Who lives, who dies in a never-ending energy crisis. Book review of Nothing to Envy. Ordinary Lives in North Korea

[ The source of much of this information comes from Barbara Demick’s 2010 “Nothing to Envy. Ordinary lives in North Korea”.  But first I summarize why and how energy shortages led to the hardships chronicled in Demick’s book. Related posts:

Alice Friedemann   www.energyskeptic.com  author of “When Trucks Stop Running: Energy and the Future of Transportation”, 2015, Springer and “Crunch! Whole Grain Artisan Chips and Crackers”. Podcasts: Derrick Jensen, Practical Prepping, KunstlerCast 253, KunstlerCast278, Peak Prosperity , XX2 report ]

North Korea and Cuba were the first countries to lose oil, the lifeblood of civilization.  Since we will all share that fate, it’s interesting to see what happened, though keep in mind that how severe the consequences are will depend on the carrying capacity of the region you’re in, how much civil order can be maintained, and the effectiveness of the leaders in power (i.e. see “Lessons Learned from How Cuba Survived Peak Oil” that compares California to Cuba).

There are enormous differences between the fates of Cuba and North Korea. Cuba had many advantages — a benign climate with year-round rainfall where three crops a year could be grown, a culture of helping one another out, and Castro prevented middlemen and speculators from charging astronomical amounts for food.  For a detailed understanding of what happened in Cuba read this Oxfam analysis.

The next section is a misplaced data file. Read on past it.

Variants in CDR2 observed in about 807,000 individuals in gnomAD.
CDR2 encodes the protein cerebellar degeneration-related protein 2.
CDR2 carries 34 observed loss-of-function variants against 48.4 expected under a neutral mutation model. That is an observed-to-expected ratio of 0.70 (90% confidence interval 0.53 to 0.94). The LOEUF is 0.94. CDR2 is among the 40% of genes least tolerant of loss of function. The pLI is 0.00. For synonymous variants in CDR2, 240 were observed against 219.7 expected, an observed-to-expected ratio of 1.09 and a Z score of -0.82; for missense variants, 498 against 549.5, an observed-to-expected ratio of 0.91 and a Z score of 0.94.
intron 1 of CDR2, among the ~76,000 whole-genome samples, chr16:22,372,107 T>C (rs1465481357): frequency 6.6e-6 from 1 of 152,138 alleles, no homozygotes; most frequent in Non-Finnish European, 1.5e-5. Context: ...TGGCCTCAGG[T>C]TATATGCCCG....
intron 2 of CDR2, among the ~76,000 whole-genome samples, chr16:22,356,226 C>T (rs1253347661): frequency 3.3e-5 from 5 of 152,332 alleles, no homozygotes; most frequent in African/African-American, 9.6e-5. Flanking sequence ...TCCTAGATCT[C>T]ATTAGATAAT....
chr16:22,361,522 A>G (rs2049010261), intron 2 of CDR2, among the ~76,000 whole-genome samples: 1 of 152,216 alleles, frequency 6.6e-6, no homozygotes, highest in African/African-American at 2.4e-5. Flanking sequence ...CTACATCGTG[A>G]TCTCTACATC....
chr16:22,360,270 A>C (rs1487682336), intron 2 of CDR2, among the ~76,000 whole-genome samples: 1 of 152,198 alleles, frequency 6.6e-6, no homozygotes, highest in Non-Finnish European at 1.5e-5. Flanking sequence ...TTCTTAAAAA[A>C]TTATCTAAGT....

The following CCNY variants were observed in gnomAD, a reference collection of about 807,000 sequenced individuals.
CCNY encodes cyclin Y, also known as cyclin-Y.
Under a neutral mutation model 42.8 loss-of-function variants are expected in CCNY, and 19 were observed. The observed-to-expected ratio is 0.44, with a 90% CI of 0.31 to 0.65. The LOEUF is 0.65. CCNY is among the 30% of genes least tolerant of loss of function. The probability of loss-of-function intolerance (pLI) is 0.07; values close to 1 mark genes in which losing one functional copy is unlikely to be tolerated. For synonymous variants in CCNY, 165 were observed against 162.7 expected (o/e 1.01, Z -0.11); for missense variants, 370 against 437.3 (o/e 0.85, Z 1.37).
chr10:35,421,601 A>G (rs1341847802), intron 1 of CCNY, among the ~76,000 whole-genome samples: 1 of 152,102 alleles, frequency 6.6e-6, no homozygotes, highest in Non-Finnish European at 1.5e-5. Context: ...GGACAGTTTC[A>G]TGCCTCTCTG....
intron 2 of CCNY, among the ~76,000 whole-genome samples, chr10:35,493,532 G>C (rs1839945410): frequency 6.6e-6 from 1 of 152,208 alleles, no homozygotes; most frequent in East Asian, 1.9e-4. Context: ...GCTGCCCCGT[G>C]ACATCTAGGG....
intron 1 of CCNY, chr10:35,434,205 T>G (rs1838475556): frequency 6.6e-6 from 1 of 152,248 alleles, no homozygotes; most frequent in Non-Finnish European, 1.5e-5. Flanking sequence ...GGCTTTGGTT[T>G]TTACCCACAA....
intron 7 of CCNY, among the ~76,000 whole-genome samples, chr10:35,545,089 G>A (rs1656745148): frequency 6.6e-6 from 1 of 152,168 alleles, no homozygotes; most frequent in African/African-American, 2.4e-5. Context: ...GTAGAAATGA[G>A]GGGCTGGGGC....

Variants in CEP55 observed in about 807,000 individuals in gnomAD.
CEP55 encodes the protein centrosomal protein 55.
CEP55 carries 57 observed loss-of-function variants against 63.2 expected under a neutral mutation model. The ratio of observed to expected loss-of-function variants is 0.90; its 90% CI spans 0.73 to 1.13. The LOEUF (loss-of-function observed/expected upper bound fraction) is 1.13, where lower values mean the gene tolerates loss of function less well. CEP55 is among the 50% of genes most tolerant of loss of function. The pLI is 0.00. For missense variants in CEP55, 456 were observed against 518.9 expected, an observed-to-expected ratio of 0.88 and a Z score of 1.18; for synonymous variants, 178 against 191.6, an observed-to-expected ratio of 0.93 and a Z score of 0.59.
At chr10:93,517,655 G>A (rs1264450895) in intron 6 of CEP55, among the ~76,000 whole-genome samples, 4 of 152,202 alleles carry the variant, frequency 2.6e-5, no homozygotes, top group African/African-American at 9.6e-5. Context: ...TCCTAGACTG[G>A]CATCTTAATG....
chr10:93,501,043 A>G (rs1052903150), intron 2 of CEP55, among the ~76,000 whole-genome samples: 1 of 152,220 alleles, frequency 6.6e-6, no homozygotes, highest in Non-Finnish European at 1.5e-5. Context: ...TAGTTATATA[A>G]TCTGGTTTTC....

North Korea couldn’t be more opposite – a cold mountainous nation with only 15% of its land arable, and dictators so crazy and cruel they’re almost unmatched in history.  North Korea might be the only nation with more prisoners per capita than America.   There are many kinds of prisons, from detention centers to hard-labor camps, to gulags where your children, cousins, brothers, sisters, and parents would also be sent to for a crime you committed for generations to come.  About 1% of the population– 200,000 people –permanently work in labor camps. The threat of these prisons has made it impossible for organized resistance to happen.

It’s hard to escape, and if you do, then your relatives end up labor camps. Other nations aren’t keen on refugees – South Korea fears a collapse of North Korea and being overrun by 23 million people seeking food and shelter, and China has their own problems with 1.2 billion poor people.

The consequences of peak energy in North Korea are worse than what’s likely to happen initially in America, though some regions of the United States are likely to suffer more than others.  On the other hand, when times get hard, group-oriented cultures that depend on a large network of people tend to do better than highly individualist cultures, which is as you can learn more about in Dmitry Orlov’s Post-Soviet Lessons for a Post-American Century.

The only good aspect I could find about North Korea was that the women there are less repressed than in the past. A century ago Korean women were so completely covered in clothing that the Taliban would find no faults.  In one village north of Pyongyang women wore 7 foot long, 5 feet broad and 3 feet deep wicker hat constructions that kept women hidden from head to toe.  Perhaps even more than Muslim women Korean women were imprisoned in family compounds and could only leave at special times when the streets were cleared of men.  One historian said that Korean women were “very rigidly secluded, perhaps more absolutely than women of any other nation”.